A Look at the Sister Wives Ruling with an Attorney for the Browns.

In his office, Adam Alba has a picture of early Mormon Apostle George Q. Cannon wearing a black and white stripe prison uniform in the 1890s. In the picture, Cannon is sitting with other prominent Mormons of the day who, like Cannon, were imprisoned for violating anti-polygamy laws.

John Walton Price, James C. Hamilton, Guard, George Q. Cannon (seated), Guard, Charles Nookes and A. J. Hansen in the Utah Penitentiary, 1888. (Source: http://www.stayfamily.org/showmedia.php?mediaID=247)

A Mormon himself, Alba, the co-counsel for the legal team representing the Brown family of Sister Wives fame in their legal battle with the state of Utah, reflected in an interview with Approaching Justice about the Brown v. Buhman ruling handed down last Friday.

Much has changed when it comes to the relationship between Utah and polygamy. 120 years ago, Utah was marginalized and abused because of polygamy. Today, Utah, in an attempt to distance itself from that polygamist, marginalizes polygamists. This irony, noted Alba, was acknowledged in the ruling by U.S District Judge Clark Waddoups.

The Ruling

Alba explained that the ruling was made on two grounds.

First, the free exercise clause of the First Amendment which guarantees the free exercise of religion. Polygamy, as practiced in Utah and surrounding areas, is primary practiced by Mormon fundamentalist groups for religious reasons.

Second, the due process clause of the Fourteenth Amendment was applied to the Utah bigamy law. The Utah bigamy law criminalized not only bigamy (having multiple marriage licenses), but also the co-habitation of a married couple with other adults. Since, this element of the bigamy laws was only being used by Utah to prosecute religious polygamists (and was worded to specifically include polygamist within the statute), it was found to be in violation of both the 1st Amendment and the 14th Amendment.

This reasoning, particularly this application of the due process clause of the Fourteenth Amendment followed the application of the due process clause in the 2003 Lawrence v. Texas Supreme Court decision, Alba said.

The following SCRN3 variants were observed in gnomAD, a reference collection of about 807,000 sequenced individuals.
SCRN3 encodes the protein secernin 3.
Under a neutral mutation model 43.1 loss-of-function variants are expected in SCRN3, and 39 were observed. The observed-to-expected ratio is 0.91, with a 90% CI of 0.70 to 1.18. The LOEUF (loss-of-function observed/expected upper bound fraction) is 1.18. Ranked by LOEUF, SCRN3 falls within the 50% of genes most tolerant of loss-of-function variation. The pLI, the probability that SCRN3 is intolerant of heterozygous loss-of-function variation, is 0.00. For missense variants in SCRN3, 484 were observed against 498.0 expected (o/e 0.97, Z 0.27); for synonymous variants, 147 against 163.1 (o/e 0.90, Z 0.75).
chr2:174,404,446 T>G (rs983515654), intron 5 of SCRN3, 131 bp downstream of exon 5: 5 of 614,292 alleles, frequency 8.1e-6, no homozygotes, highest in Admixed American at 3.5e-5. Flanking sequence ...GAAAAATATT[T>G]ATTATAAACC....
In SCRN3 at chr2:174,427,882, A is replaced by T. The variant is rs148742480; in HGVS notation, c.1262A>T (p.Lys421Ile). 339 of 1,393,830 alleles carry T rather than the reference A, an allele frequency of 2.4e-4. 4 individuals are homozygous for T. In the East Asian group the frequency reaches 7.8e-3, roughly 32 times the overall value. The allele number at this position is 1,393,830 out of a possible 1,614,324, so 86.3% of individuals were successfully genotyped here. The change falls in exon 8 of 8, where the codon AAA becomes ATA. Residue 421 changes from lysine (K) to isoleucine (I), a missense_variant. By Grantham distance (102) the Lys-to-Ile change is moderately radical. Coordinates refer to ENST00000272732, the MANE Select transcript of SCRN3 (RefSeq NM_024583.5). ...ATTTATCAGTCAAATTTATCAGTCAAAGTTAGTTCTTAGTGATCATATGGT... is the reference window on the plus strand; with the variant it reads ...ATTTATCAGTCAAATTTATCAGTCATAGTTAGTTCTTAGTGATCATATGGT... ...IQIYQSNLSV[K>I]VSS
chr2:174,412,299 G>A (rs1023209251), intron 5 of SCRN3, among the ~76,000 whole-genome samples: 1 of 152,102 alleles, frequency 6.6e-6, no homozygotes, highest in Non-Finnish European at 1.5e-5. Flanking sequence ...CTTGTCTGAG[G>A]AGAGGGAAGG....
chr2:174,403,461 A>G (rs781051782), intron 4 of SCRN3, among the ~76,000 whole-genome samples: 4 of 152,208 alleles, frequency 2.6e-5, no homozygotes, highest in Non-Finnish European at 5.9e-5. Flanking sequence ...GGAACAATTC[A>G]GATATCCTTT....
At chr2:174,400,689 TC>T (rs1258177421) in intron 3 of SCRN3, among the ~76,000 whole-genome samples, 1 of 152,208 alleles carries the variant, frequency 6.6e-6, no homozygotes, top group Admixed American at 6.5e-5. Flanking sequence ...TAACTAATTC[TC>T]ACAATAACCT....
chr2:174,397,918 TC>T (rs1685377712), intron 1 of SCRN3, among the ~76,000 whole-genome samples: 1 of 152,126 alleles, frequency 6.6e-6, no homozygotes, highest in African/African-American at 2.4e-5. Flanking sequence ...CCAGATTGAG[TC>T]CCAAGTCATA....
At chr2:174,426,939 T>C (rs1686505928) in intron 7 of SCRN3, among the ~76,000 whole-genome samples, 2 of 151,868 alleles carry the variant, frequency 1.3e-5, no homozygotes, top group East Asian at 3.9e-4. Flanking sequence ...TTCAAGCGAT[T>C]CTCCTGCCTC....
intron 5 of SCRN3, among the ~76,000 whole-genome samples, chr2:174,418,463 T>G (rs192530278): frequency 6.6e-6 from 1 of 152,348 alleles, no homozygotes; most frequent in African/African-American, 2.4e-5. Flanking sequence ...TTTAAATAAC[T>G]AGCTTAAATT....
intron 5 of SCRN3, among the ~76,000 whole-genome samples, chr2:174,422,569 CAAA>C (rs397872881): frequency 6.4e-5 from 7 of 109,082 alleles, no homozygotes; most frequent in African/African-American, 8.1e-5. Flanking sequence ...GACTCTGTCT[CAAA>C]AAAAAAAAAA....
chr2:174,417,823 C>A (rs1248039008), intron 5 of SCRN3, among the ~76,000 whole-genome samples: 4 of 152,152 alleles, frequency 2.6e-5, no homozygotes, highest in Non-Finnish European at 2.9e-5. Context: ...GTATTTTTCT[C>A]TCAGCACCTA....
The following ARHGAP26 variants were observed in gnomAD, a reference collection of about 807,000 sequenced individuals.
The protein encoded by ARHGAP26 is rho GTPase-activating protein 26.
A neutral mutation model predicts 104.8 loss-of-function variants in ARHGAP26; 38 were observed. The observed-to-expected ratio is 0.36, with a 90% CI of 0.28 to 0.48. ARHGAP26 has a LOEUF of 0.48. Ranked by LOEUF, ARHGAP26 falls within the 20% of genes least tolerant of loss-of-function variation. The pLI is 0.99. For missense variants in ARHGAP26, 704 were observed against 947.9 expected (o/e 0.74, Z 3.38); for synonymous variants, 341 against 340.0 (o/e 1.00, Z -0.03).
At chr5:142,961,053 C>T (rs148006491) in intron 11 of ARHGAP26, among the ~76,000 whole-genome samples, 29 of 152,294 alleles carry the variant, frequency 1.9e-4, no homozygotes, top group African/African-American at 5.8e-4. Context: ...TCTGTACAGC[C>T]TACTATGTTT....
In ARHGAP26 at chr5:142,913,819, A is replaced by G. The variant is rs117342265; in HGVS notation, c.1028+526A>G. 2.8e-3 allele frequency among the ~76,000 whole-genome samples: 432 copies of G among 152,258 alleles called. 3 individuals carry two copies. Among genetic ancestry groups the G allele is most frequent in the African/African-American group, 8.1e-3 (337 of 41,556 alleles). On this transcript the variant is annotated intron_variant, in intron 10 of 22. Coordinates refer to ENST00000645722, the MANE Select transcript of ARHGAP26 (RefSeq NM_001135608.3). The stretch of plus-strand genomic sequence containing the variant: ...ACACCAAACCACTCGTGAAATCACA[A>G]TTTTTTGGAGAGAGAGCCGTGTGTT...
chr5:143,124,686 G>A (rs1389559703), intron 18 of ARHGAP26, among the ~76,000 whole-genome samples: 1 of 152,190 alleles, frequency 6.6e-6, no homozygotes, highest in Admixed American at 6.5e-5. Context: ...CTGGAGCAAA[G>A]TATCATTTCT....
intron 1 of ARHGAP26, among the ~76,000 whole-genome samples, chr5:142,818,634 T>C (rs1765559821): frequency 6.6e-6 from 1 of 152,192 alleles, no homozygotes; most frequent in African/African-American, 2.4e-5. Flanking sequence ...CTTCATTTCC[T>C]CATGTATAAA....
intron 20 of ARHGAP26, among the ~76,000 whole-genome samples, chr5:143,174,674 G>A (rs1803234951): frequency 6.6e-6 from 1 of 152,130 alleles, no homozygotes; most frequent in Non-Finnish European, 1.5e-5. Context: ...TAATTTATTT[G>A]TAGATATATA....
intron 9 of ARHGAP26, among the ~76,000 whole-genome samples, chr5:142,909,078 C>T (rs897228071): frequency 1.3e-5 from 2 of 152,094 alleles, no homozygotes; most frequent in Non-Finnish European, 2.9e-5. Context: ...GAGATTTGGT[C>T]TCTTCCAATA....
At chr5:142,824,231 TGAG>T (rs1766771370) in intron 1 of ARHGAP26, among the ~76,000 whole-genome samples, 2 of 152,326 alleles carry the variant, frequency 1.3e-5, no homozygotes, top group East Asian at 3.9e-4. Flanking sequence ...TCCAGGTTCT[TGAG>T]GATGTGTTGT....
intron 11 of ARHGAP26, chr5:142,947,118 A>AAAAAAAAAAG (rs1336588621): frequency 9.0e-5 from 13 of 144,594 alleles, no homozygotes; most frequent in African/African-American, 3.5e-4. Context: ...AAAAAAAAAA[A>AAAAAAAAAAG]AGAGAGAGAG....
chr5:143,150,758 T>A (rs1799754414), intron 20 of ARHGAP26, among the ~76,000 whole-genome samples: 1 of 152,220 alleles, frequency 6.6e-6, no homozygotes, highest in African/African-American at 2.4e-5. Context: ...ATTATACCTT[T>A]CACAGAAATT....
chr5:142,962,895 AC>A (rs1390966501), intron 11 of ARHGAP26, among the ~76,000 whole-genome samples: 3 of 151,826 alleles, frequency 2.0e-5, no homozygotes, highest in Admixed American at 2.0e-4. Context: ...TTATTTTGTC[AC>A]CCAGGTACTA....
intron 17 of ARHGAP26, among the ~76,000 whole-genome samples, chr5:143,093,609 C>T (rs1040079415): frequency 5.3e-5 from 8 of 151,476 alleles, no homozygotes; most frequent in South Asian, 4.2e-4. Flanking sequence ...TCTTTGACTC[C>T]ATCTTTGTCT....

In Lawrence v. Texas, the Supreme Court ruled that sodomy laws violated the due process clause because they where only used to target homosexuals as a group. In Friday’s ruling, it was ruled that Utah was using the co-habitation element of the bigamy law as a means of prosecuting a specific group, rather than as a means of banning cohabitation as a practice.

“This is just the de-criminalizing religious co-habitation,” added Alba. He noted that one still cannot get a marriage license that will allow one to have multiple wives. In this way, Alba noted that this case legally has much more in common with the Lawrence decision which struck down sodomy laws than it does more recent same-sex marriage rulings.

This case “…bolsters the privacy notion we have of consenting adults and their intimate relations,” Alba said.

The Brown Family: Janelle, Christine, Kody, Meri, and Robyn. (Source: TLC)

In the case of Kody Brown, he is only married to his first wife Meri. In the legal sense, Kody is only co-habitating with Janelle, Christine, and Robyn. However, in a religious and spiritual sense, they view themselves as being married. While Brown is still not legally married to Janelle, Christine, and Robin, their relationship can no longer be treated as a criminal act in Utah because of this ruling.

What is next?

The state of Utah will have 30 days to either ask Judge Waddoups to reconsider or to appeal to the Tenth Circuit Court of Appeals, Alba said. Given that the 91 page ruling was a “pretty thorough decision,” as Alba put it, it would seem most likely that the Tenth Circuit would be the focus of the state’s next move.

The Utah Attorney General’s office will make that call and with the recent resignation of Utah Attorney General John Swallow, it is not clear what the office intends to do in this case. College of William and Mary law professor Nate Oman has told Approaching Justice that Utah will likely appeal.

Alba is a full-time attorney with the Salt Lake Public Defender Association. He worked on the Brown’s legal team on a pro bono basis.

Adam Alba (left) with Jonathan Turley. (source: George Washington Today)

A graduate of the The George Washington University Law School, Alba had taken a class while there from Professor Jonathan Turley. When he found out that Turley was representing the Brown’s in this case, he volunteered to assist.

Turley was the lead counsel for the Brown’s team and Alba credits Turley, and the merits of their case, with the victory that was announced last Friday.

Click on this link for all coverage and commentary at Approaching Justice related to the Sister Wives ruling.